Calculating Cameras Covering Tennis Courts?

A new member asked about using the calculator to cover / film on tennis courts. It's an interesting idea. Here is a sample calculation for a random tennis court in Miami:

He wants to film tennis practices and matches. Any tennis experts have better ideas on exact camera placement?!


How about this. This plan is using (4) Dahua IPC-HDBW81200E-Z 12MP 1/1.7" sensor camera.

John, I think I found a glitch in the Calculator. If you follow my link above, the highlighted camera defaults to 2.9mm, but I had it set to 4.9mm. I went back and changed it, retreived a new URL, edited my post, and even the new link changes the first camera to 2.9mm. I tried this with Chrome and Edge.

Jon, thanks. I confirmed it is a bug. It appears to be that the initial camera calls up does not recall its specific AoV, rather going to the app's default of 2.9mm

We will get it fixed today.

What's the budget? In dollars or camera count.

You main issue will be blur effects as the a 90° angle with the action, generates a maximum speed effect , so you will never see the ball (100 to 200 Km/h ) with standard camera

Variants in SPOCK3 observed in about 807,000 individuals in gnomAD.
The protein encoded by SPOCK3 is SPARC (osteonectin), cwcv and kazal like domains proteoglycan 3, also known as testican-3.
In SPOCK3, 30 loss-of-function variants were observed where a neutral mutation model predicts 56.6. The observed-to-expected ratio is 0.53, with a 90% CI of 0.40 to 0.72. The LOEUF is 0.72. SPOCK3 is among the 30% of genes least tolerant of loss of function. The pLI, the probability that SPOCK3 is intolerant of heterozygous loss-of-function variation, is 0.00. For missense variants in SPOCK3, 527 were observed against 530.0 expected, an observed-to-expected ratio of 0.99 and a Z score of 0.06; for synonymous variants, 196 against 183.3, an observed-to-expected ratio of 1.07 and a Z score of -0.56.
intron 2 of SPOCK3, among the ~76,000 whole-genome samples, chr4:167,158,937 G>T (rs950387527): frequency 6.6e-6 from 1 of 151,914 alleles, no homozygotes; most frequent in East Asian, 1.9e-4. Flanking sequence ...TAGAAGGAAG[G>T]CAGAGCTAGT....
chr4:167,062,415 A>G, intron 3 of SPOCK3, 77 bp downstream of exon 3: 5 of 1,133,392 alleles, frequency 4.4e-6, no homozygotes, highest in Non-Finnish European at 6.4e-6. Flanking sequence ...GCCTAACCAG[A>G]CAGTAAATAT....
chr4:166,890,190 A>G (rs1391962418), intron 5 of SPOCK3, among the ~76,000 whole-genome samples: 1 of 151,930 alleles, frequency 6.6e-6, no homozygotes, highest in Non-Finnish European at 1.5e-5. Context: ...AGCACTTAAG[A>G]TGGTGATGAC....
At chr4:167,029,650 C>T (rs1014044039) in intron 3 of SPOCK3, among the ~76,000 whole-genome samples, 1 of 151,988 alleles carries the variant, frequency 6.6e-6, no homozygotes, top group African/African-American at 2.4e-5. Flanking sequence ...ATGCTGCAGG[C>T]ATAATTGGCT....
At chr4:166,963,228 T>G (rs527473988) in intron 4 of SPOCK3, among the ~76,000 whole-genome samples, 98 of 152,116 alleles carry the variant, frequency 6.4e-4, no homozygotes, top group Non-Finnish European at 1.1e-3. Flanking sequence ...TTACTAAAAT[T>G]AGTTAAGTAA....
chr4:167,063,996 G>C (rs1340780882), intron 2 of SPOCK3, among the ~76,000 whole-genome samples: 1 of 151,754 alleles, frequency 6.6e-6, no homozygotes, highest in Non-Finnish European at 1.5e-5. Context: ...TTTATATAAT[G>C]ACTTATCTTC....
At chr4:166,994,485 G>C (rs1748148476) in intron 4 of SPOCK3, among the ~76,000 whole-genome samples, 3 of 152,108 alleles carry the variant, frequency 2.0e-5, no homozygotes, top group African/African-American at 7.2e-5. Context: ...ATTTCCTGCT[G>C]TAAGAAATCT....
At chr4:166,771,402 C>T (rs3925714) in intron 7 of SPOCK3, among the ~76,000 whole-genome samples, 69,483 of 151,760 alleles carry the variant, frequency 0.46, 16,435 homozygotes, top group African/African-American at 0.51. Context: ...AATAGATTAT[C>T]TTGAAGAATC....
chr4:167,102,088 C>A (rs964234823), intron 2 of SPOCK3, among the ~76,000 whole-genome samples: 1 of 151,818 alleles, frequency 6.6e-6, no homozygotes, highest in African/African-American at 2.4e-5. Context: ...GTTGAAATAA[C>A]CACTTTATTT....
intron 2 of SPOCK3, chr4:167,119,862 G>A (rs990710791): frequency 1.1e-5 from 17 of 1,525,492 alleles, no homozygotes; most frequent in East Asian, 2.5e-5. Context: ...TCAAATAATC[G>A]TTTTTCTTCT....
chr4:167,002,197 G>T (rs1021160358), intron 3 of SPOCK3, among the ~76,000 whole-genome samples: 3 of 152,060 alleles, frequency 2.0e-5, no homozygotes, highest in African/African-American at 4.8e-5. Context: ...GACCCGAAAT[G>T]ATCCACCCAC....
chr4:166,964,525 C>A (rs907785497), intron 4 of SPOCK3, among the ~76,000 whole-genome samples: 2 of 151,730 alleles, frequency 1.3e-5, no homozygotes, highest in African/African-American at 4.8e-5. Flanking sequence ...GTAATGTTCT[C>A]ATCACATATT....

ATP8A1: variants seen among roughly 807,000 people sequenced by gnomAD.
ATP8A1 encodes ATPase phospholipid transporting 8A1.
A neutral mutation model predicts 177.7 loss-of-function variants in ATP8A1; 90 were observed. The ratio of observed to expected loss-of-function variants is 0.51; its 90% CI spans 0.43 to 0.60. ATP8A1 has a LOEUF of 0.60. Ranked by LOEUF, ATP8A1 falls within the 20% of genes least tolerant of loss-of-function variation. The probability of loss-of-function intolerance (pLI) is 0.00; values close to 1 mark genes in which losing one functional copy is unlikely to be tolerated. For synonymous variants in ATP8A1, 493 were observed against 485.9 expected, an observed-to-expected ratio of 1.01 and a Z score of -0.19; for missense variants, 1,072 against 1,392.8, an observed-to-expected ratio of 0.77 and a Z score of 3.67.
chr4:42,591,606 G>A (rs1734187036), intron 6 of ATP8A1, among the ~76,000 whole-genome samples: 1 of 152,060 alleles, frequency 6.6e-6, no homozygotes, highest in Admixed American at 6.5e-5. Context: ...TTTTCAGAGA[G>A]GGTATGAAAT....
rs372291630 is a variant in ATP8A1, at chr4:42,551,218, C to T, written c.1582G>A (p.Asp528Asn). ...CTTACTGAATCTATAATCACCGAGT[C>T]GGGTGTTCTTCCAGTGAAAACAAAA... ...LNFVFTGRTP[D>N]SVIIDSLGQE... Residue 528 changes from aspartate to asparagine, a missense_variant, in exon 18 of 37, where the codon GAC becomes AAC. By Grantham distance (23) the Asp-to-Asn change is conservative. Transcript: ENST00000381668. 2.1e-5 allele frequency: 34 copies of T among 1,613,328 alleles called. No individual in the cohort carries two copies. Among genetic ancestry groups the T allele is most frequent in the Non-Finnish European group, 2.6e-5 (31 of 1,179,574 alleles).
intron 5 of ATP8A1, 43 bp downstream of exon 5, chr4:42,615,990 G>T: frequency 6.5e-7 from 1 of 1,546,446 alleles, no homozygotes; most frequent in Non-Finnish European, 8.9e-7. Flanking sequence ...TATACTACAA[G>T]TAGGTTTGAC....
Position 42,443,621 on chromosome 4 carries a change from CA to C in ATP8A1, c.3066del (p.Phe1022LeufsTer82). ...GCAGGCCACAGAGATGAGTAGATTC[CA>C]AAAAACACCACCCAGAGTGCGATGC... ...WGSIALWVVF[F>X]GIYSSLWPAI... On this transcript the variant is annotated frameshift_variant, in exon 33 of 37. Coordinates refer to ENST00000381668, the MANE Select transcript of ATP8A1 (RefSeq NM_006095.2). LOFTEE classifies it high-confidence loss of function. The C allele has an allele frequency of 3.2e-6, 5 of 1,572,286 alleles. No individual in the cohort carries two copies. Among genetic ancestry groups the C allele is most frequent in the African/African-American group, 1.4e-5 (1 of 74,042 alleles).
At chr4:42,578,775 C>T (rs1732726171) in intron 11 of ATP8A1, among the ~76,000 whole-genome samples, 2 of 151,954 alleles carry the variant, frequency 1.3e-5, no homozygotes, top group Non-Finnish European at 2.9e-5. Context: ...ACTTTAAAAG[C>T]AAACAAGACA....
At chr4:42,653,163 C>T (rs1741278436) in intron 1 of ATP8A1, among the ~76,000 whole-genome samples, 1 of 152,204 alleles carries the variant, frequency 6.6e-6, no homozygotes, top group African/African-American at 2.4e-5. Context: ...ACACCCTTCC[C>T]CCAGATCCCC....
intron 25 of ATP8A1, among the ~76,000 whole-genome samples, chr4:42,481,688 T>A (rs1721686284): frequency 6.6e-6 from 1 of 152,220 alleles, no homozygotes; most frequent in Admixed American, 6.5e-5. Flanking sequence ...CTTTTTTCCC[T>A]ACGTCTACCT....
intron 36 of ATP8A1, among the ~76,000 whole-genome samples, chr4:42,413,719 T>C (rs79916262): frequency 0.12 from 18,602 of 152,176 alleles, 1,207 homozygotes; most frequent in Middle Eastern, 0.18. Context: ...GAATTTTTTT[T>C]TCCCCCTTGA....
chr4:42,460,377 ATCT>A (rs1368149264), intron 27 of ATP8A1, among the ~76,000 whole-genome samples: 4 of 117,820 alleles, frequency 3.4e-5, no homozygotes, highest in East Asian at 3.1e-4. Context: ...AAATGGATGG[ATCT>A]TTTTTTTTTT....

Better choose directly 60 fps models, and short GOP, which is unfortunately not possible with 180° lenses. WDR should be software based to avoid to slowdown the shutter speed

I would place more camera with short angles and long focal (30-50mm) from the opposite side, to get player from face during action.L

My suggestion: Go watch a tennis game covered by a TV channel and pay attention to camera positioning. I think this will be helpful to make up your mind.

Couldn't you just figure this out from watching TV coverage?

Yes, Jon, that would hlep as a start. But I still think that watching alive you will get a better spatial perception of the area to be covered and camera's positioning.

I'd have imagined that the ideal camera positioning would depend heavily on the reasons for recording the action: If the purpose was to watch as a spectator for pleasure, the nicest angle is probably where the umpire sits, seeing the faces of all players and being on average as close to the action as possible without getting in the way. In this case a 180° camera would be the best for a fluid watching experience, but it might become dull after watching from the same angle for some time, and the current technology doesn't yet support sports speeds, at least in terms of frame rate.

If, on the other hand, the purpose is for analysis of the players, the ball, lines, or other technical aspects, point views for specific locations would always yield the sharpest results, but more cameras will usually cost more, at least in terms of installation, and watching the action smoothly from several angles will be much more complicated.

Are there any further guidelines available on the requirements?